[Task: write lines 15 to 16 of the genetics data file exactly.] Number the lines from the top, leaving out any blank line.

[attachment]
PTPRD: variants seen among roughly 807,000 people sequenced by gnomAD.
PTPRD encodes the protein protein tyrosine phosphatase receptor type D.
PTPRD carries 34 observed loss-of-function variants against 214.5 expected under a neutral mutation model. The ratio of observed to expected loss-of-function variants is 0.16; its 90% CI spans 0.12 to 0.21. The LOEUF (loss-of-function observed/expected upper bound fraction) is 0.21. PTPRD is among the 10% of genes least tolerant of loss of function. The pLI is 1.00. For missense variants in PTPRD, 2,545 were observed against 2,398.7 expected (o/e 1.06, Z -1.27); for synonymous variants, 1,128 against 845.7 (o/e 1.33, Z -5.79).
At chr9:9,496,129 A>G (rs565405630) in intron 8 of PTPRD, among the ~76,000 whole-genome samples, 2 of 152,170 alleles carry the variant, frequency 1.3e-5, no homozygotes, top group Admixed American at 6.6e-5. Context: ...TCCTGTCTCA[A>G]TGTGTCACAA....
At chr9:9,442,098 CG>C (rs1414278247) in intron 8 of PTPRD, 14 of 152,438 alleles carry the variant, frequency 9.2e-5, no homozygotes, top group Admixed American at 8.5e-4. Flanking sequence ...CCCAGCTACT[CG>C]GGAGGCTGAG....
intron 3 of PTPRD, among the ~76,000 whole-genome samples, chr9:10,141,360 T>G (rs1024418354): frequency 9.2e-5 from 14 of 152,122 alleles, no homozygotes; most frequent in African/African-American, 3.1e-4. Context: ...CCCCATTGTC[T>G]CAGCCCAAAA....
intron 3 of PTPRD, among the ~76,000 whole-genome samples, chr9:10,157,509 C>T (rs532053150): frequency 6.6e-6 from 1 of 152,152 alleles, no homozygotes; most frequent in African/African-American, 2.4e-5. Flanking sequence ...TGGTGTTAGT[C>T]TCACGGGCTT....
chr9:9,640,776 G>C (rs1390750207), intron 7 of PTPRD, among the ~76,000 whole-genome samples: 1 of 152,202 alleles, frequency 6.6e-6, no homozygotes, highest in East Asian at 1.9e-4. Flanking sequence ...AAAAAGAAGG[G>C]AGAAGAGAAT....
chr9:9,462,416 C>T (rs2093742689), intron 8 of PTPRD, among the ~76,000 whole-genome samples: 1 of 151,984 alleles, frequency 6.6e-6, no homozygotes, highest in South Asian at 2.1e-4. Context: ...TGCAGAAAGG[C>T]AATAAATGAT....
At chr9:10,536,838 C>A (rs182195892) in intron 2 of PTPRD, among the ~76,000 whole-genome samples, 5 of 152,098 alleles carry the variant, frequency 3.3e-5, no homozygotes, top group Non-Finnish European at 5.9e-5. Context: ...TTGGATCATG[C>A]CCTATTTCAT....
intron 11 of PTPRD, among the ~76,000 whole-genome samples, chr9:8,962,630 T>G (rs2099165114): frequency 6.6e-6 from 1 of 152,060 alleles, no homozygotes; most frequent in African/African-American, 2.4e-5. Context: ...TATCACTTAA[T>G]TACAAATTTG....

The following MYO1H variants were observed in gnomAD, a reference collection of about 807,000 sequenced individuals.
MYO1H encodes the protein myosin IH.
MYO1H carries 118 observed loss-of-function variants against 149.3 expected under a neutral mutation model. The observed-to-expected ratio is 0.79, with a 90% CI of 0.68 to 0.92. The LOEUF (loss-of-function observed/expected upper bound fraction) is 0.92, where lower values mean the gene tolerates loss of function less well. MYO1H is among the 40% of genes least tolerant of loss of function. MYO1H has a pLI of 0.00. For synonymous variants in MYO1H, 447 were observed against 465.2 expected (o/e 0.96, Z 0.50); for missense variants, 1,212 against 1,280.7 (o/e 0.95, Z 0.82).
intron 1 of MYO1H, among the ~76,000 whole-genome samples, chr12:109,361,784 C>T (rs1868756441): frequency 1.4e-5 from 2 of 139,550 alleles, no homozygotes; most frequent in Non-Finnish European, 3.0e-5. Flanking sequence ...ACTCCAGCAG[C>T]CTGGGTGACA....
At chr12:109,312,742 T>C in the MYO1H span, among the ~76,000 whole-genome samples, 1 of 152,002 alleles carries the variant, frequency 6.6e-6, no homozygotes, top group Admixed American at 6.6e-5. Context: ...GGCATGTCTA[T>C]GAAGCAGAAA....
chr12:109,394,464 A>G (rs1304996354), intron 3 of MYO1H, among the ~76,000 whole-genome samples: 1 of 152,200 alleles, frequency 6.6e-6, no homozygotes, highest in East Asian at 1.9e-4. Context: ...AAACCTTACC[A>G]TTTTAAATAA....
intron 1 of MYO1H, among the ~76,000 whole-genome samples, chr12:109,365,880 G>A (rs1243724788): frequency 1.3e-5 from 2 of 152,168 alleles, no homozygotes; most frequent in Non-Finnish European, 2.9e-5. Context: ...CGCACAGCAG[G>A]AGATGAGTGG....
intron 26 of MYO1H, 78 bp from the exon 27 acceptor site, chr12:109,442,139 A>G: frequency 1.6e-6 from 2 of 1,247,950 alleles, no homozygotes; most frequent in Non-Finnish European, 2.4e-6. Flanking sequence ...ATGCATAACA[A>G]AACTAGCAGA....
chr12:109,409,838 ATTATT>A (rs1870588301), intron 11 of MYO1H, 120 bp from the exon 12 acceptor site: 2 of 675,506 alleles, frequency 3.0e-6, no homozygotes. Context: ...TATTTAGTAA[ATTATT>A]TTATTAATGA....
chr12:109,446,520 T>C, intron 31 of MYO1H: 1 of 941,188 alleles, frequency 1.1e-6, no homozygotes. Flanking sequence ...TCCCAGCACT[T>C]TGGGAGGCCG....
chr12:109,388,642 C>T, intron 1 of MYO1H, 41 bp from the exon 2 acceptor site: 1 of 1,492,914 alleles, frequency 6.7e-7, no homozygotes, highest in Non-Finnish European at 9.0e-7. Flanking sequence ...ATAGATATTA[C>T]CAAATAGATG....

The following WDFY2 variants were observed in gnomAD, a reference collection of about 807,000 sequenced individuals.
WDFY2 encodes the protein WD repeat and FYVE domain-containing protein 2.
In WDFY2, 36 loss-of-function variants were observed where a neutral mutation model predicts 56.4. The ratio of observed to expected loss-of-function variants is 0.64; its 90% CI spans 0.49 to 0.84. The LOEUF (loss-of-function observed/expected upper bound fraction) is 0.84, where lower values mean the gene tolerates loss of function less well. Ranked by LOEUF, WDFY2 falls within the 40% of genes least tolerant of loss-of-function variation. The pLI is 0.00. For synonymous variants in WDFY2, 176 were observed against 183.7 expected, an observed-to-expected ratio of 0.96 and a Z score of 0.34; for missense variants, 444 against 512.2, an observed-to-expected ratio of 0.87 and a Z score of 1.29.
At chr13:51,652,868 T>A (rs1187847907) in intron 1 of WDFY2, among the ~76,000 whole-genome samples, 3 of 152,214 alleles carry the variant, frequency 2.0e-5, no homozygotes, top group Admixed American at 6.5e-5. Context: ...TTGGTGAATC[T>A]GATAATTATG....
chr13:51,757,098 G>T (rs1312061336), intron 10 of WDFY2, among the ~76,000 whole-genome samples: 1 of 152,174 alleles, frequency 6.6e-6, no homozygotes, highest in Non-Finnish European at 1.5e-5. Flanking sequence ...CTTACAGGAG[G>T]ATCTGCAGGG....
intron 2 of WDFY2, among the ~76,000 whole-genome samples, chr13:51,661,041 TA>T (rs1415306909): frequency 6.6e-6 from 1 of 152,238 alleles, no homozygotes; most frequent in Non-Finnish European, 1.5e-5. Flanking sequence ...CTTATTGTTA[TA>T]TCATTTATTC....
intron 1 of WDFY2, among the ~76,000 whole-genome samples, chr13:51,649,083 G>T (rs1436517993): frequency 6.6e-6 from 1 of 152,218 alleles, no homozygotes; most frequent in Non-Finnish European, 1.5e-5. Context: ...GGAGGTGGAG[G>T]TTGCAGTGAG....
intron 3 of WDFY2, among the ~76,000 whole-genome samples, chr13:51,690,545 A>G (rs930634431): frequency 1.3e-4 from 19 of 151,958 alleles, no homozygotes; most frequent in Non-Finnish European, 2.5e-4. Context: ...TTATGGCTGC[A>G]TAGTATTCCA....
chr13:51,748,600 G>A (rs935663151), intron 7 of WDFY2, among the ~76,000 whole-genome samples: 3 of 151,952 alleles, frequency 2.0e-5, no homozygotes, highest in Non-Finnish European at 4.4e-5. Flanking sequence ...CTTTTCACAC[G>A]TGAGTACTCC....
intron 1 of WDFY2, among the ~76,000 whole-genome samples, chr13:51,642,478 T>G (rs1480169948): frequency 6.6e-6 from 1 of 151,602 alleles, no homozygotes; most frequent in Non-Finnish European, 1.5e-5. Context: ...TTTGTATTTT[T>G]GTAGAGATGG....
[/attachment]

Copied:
intron 1 of MYO1H, among the ~76,000 whole-genome samples, chr12:109,361,784 C>T (rs1868756441): frequency 1.4e-5 from 2 of 139,550 alleles, no homozygotes; most frequent in Non-Finnish European, 3.0e-5. Flanking sequence ...ACTCCAGCAG[C>T]CTGGGTGACA....
At chr12:109,312,742 T>C in the MYO1H span, among the ~76,000 whole-genome samples, 1 of 152,002 alleles carries the variant, frequency 6.6e-6, no homozygotes, top group Admixed American at 6.6e-5. Context: ...GGCATGTCTA[T>C]GAAGCAGAAA....